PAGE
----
BLM continues stampedes to extinction.
Photo: Vince Patton/OPB
BLM Plans Beaty Butte Wild Horse Gather
The Bureau of Land Management (BLM) Lakeview District has announced that it plans to gather approximately 1,500 horses associated with the Beaty Butte herd management area (HMA), in Oregon, in early October 2015.
Exact dates will be set based on the herd’s location closer to the gather period. The Beaty Butte HMA is located east of Adel, Oregon, in southeast Lake County.
Of the gathered animals, about 1,400 horses will be permanently removed from the Beaty Butte HMA and 100 horses (60 stallions and 40 mares) will be returned to the range. This is consistent with the appropriate management level of 100 to 250 horses established for the HMA.
“The herd population is currently six times the appropriate management level, which is damaging habitat and forage for wildlife, particularly sage grouse habitat,” said BLM Oregon/Washington Director Jerome Perez. “Our goal is to manage the resources and the horses to the best of our ability.”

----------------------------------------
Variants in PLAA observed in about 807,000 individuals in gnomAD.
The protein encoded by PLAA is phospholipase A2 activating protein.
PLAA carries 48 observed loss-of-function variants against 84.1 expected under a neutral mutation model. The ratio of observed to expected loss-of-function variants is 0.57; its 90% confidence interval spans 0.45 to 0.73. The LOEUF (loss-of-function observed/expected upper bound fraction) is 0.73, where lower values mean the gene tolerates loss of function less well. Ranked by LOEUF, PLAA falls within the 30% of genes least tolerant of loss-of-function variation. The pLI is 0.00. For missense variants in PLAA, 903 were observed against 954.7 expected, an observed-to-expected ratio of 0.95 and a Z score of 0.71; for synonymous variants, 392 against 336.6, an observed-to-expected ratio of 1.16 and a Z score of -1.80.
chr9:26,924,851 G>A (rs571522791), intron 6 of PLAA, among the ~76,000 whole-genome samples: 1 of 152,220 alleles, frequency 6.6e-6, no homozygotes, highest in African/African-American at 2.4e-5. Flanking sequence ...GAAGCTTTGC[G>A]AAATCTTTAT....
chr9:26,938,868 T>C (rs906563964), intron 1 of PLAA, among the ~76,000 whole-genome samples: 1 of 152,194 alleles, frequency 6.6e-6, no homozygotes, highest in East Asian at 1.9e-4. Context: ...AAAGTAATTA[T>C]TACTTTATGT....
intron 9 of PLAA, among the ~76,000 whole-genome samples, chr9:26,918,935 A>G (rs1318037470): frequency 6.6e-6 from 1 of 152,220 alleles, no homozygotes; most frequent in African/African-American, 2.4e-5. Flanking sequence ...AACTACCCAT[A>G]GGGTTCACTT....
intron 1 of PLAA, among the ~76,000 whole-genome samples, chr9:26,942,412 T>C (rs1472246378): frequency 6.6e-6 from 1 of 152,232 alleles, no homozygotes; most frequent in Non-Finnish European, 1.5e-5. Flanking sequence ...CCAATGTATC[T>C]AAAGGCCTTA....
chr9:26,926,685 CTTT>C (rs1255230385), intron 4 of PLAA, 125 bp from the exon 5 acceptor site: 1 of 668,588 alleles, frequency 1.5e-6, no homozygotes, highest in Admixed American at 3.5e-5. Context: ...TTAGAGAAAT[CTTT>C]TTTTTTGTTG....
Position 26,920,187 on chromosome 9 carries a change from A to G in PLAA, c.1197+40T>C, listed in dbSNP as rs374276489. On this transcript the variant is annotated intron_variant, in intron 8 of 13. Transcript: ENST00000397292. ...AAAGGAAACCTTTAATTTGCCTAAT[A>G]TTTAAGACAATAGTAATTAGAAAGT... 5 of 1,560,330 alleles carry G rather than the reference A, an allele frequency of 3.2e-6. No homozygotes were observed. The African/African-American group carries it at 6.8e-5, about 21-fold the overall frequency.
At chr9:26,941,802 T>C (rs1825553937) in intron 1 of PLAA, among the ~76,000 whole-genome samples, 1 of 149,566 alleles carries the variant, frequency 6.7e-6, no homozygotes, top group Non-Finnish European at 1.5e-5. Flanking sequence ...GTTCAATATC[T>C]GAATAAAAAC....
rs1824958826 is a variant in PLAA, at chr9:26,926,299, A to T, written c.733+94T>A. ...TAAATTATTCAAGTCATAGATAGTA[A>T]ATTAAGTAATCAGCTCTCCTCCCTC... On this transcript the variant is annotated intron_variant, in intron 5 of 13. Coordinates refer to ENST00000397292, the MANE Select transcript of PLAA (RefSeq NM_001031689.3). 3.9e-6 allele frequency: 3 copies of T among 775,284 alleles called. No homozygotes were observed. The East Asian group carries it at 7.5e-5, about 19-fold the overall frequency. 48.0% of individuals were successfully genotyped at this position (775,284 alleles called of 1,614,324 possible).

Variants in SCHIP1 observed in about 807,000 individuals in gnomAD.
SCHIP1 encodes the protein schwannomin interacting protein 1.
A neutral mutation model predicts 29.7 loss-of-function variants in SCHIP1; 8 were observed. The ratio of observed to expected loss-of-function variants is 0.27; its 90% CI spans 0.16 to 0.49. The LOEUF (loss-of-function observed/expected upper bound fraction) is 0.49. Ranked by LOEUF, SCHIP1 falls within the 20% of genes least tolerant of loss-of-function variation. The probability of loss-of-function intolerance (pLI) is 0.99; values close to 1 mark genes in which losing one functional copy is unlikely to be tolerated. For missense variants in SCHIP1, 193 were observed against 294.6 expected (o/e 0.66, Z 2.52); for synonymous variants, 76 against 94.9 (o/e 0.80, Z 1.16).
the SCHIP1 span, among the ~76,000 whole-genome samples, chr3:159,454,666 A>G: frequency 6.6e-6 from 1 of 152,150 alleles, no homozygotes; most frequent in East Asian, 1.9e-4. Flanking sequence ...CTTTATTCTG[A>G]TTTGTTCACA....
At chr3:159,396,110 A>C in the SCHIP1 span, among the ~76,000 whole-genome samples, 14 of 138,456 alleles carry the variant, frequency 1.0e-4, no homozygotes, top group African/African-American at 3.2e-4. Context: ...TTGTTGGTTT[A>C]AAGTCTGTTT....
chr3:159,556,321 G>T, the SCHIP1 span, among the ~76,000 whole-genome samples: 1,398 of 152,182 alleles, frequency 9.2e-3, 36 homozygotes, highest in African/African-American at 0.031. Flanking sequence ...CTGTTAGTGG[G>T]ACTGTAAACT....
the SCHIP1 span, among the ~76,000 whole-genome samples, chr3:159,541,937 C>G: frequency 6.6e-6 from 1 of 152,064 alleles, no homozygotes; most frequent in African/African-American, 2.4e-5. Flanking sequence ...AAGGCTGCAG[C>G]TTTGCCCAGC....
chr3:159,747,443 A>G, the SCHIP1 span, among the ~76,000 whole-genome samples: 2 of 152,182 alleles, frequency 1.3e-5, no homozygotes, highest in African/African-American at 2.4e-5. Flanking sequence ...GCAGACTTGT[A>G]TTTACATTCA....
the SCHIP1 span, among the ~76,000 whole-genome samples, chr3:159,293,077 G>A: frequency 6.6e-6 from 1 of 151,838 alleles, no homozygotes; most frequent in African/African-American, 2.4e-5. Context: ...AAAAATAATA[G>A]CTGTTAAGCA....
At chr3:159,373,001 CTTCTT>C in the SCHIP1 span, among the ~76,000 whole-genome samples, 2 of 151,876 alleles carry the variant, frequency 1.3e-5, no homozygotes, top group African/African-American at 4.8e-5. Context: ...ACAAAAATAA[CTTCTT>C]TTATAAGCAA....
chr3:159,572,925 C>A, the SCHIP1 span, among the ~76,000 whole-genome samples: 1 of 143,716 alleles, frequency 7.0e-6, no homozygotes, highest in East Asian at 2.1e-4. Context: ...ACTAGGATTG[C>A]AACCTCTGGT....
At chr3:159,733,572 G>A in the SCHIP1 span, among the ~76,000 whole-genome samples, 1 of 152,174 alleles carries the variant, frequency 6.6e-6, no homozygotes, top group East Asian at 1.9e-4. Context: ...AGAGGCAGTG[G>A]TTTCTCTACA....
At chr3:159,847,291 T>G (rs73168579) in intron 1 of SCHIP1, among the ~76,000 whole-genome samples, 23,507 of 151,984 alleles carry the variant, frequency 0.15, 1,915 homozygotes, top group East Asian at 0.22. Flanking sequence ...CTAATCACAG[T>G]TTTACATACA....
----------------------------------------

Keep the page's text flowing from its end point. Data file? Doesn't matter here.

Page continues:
Heavy wild horse grazing utilization can jeopardize the health of the rangelands, wetlands, wildlife habitats, and ultimately wild horse health and condition. Horses have overgrazed sagebrush and other plants to the extent that plants and soils are being lost entirely. The problem is compounded by the extensive drought, which has already stressed plants.
Once gathered, the horses will be taken to a temporary holding facility, where they will be provided hay and water. Following a veterinary assessment, the horses will be transported to an off-range BLM holding facility and made available for adoption or sale, or relocated to a permanent holding facility.
A limited number of members of the public will be allowed to view the gather activities in BLM-escorted groups. Interested parties should contact Larisa Bogardus at firstname.lastname@example.org or 541/947-6237.
The BLM’s goal is to maintain healthy, free-roaming herds at levels that balance a thriving natural ecological existence with local habitat and other multiple uses in each area. On average, Oregon herd numbers increase annually by 20%. Decisions to gather excess animals are based on rangeland monitoring studies, availability of forage and water, and wild horse numbers compared to established population targets for each HMA.
Normally, three to five of Oregon’s herds are gathered annually to balance population numbers per the range’s sustainable capabilities.
The supporting planning documents for the upcoming gather are available online at http://blm.gov/kfmd.